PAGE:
William Porcher DuBose

Today, The Episcopal Church calendar lists a feast day in honor of an American member of the communion of saints, William Porcher DuBose.  DuBose was a veteran of the Civil War, an Anglican priest, and a university professor who helped establish The School of Theology at at The University of the South in Sewanee, TN.  Though the average believer may not have heard of DuBose, in some circles, he is considered to be one of America’s greatest pastor/priests and theologians.  Despite the high regard in which he was held in academic and spiritual circles, he never was blessed with the office of Bishop.  DuBose was known to have said that this lack of promotion was a “fortunate escape”.

Below is an excerpt from a sermon DuBose delivered in Sewanee in 1911.  In it, DuBose hammers home his point that nothing is new with God, no matter what we believe we know or have come to understand about His nature: He is the same yesterday, today, and forever.  It’s us, with our limited vision, who are constantly distracted by “ism’s” and our own concerns, that keep ourselves from seeing God as He is.  As a result, we never see ourselves as we really are, and the Church as she should be.  As we engage in our own culture wars over the issues which divide the body of Christ today, we would do well to hear more and more sermons like this one.

EXCERPT FROM SERMON PREACHED IN THE UNIVERSITY CHAPEL,
SEWANEE, ON THE FEAST OF THE TRANSFIGURATION, 1911

“I determined not to know anything among you save Jesus Christ, and Him crucified.”–1 Cor. ii. 2.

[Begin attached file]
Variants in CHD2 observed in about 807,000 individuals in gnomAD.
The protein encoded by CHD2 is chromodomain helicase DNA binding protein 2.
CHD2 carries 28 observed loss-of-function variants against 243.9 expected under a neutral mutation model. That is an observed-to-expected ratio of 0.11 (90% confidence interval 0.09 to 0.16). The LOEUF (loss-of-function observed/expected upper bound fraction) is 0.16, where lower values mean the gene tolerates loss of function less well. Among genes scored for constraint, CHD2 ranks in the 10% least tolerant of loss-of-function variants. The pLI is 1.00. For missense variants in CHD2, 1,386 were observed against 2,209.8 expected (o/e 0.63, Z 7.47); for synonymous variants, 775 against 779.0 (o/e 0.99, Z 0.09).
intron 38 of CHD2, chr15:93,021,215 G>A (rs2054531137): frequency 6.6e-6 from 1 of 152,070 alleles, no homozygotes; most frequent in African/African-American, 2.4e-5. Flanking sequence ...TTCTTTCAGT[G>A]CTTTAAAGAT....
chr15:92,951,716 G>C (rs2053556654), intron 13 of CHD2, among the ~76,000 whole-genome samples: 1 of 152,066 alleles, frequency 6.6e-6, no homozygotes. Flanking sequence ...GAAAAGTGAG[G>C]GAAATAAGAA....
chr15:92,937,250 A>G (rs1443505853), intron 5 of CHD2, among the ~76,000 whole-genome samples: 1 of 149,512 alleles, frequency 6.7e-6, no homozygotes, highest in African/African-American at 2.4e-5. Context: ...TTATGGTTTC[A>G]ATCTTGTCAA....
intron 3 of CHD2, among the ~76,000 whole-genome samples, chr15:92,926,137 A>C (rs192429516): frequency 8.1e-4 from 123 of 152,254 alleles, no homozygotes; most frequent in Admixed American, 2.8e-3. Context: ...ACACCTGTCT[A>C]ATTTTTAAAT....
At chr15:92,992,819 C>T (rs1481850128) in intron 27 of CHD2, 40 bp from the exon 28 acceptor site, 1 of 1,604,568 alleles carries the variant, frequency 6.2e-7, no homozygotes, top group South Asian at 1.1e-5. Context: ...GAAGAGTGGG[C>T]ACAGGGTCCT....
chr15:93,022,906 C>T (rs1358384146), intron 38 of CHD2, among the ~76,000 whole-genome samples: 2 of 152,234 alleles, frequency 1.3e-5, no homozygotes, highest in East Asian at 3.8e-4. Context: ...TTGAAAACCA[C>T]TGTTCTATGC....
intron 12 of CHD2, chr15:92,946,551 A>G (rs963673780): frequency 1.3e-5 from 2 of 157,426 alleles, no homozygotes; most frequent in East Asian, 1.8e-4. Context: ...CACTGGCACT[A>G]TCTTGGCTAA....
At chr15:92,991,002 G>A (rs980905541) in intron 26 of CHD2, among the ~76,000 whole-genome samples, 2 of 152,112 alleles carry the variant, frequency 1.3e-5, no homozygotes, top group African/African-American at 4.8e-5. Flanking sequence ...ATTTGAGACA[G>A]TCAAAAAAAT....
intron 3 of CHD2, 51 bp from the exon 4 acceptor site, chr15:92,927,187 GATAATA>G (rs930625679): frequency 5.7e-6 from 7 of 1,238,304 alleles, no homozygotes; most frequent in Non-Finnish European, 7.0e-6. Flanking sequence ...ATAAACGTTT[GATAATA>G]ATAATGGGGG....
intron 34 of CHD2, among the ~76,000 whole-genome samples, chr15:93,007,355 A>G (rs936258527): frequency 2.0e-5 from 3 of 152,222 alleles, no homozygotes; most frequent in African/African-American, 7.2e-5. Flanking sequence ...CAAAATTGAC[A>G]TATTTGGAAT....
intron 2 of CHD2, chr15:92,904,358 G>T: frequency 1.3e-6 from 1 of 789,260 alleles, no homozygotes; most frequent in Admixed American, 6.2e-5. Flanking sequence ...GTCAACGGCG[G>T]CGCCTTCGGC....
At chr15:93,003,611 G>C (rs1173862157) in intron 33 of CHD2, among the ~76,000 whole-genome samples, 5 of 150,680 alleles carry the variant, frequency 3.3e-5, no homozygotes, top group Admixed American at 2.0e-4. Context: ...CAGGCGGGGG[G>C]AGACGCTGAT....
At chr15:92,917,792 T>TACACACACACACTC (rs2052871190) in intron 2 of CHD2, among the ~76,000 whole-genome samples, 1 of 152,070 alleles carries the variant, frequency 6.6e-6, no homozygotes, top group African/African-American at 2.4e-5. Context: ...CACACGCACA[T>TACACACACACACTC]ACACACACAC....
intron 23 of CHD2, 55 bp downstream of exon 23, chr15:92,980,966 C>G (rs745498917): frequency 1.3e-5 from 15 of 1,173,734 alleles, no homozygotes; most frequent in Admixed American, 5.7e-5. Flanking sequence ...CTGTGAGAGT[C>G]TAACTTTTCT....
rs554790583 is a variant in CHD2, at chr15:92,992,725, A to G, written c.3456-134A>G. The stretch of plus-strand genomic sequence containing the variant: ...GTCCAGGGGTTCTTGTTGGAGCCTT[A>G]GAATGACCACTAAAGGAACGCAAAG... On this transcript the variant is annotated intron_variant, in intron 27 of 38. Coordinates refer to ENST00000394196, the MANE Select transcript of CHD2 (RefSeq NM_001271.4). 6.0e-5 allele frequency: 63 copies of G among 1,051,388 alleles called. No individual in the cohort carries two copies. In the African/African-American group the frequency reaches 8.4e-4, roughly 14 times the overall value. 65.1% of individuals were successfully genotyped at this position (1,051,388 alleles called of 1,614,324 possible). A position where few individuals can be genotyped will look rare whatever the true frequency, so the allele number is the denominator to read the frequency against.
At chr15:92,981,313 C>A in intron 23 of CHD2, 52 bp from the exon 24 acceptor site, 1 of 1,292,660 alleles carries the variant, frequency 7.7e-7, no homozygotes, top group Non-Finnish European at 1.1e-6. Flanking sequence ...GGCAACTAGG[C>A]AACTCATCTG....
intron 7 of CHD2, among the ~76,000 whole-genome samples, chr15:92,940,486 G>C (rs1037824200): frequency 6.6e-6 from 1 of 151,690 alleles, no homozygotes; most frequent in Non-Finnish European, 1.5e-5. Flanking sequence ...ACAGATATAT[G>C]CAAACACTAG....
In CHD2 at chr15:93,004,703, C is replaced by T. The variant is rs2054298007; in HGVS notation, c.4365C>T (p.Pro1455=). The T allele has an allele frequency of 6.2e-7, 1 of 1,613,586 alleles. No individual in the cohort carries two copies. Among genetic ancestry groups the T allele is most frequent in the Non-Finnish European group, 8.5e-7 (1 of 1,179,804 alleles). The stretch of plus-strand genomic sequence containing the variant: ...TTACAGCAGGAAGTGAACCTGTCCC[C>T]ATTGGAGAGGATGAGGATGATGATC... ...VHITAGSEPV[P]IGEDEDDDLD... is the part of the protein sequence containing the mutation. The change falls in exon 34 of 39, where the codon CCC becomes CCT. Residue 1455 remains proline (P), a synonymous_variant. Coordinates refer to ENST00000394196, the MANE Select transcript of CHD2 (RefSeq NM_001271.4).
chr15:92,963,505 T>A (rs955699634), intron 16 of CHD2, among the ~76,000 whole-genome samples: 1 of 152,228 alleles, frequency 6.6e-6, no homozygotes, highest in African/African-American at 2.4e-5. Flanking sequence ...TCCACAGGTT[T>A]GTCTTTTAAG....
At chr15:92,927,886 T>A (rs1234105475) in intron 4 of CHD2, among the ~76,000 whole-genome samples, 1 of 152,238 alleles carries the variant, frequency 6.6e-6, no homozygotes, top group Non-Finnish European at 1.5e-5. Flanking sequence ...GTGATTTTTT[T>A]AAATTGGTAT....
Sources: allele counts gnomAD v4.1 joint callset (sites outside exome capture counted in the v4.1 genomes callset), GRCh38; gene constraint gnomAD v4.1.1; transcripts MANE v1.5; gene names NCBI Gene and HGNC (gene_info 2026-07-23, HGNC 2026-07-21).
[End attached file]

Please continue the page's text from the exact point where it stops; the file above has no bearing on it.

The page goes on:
What is the moral already? We do not forever want new things; we want the art of keeping things forever new. The change we need is not in the things, it is in us and our hold upon the things–our life in them, our use of them, our labor for them. Let us remember that our Lord taught absolutely nothing new–the Gospel was older than the Law, God’s love than man’s obedience. He Himself, the incarnation of our faith, our hope, our life, was before Moses, before Abraham, before Adam, before the foundation of the earth, as old as God, because He was God’s love-disposition, love-purpose, Self-realization in us and in His world. Our Lord spoke only of God and of man, and their mutual relations; on God’s part, of love, grace, and fellowship or oneness with us (coming down)–and on our part (going up) of faith, hope, and love that make us one with Him. Our Lord uttered no new word, gave no new commandment, even instituted no new sacrament–water and bread and wine were already in themselves not only symbols or signs, but instruments and agents of birth and life. He took all the old things as they were, and He made them all living and new. When He took His disciples up with Him into the very high mountain, it was not really in Himself, but only to them that He was transfigured. They saw Him as the sun and His raiment as the light; they heard words from heaven, claiming Him for God and declaring Him to man. But their so seeing and hearing was only through the exaltation of their own spiritual selves and faculties. Jesus was always so, if their senses could but have perceived it. We do indeed live only in our supreme moments. Things are monotonous, dull, dead enough, day after day, perhaps year after year, until somehow we are taken up–let me say, however, that we are never taken up, except as also, with all our spiritual cooperation, we take ourselves up–into the exceeding high mountain, and there all our world becomes transfigured before us. “Old things are passed away: behold all things are become new.” Mind, not all new things have become, or come to pass, but all things, the old things, have become new. God and heaven are everywhere and always here if we could but see them; but alas! almost nowhere, and so seldom here, because so few of us can see them, and we so seldom.